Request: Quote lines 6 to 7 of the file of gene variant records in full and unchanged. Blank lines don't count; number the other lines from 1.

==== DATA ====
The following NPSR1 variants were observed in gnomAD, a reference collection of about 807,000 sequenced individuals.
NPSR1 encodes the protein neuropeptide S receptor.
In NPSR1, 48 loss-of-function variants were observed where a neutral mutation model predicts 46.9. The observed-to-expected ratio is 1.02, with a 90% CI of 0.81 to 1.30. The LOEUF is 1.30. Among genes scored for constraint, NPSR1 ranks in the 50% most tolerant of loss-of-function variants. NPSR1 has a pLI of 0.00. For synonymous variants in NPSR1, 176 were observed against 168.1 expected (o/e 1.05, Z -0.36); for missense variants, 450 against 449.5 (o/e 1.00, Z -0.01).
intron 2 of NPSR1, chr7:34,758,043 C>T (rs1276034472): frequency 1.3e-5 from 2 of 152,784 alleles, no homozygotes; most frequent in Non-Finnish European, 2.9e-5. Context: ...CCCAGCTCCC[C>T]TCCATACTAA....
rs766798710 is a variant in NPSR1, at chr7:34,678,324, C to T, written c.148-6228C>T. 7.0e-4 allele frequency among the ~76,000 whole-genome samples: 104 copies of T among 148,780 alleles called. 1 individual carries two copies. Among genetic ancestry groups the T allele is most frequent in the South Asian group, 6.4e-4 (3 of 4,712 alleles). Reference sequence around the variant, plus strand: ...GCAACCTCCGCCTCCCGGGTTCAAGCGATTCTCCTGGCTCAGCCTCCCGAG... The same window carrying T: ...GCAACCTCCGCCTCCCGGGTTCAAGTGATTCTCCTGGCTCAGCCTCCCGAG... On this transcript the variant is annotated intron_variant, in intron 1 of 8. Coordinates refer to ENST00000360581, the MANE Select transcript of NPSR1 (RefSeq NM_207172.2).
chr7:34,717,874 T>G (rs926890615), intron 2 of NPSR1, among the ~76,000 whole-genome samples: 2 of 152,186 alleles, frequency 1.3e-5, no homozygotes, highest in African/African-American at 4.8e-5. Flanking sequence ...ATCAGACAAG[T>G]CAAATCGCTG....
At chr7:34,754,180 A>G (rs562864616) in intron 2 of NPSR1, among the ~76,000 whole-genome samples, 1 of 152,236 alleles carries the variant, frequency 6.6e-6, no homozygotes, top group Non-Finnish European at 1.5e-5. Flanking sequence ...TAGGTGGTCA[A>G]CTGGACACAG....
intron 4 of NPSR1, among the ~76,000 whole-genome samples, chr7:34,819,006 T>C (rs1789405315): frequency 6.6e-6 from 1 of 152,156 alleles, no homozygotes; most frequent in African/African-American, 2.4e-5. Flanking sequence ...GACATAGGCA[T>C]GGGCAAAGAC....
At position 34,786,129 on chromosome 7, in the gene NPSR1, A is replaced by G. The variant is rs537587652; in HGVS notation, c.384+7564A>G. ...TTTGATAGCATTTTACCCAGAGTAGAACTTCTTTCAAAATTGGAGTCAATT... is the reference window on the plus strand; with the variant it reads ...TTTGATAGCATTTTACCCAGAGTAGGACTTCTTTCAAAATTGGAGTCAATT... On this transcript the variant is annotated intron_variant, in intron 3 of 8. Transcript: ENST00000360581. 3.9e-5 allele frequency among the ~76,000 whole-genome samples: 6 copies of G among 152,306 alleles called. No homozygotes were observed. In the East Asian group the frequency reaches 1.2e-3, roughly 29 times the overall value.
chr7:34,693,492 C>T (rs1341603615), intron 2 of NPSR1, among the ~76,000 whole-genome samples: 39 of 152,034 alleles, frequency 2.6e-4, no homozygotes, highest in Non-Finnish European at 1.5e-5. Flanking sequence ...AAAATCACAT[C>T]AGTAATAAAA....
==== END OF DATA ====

chr7:34,717,874 T>G (rs926890615), intron 2 of NPSR1, among the ~76,000 whole-genome samples: 2 of 152,186 alleles, frequency 1.3e-5, no homozygotes, highest in African/African-American at 4.8e-5. Flanking sequence ...ATCAGACAAG[T>G]CAAATCGCTG....
At chr7:34,754,180 A>G (rs562864616) in intron 2 of NPSR1, among the ~76,000 whole-genome samples, 1 of 152,236 alleles carries the variant, frequency 6.6e-6, no homozygotes, top group Non-Finnish European at 1.5e-5. Flanking sequence ...TAGGTGGTCA[A>G]CTGGACACAG....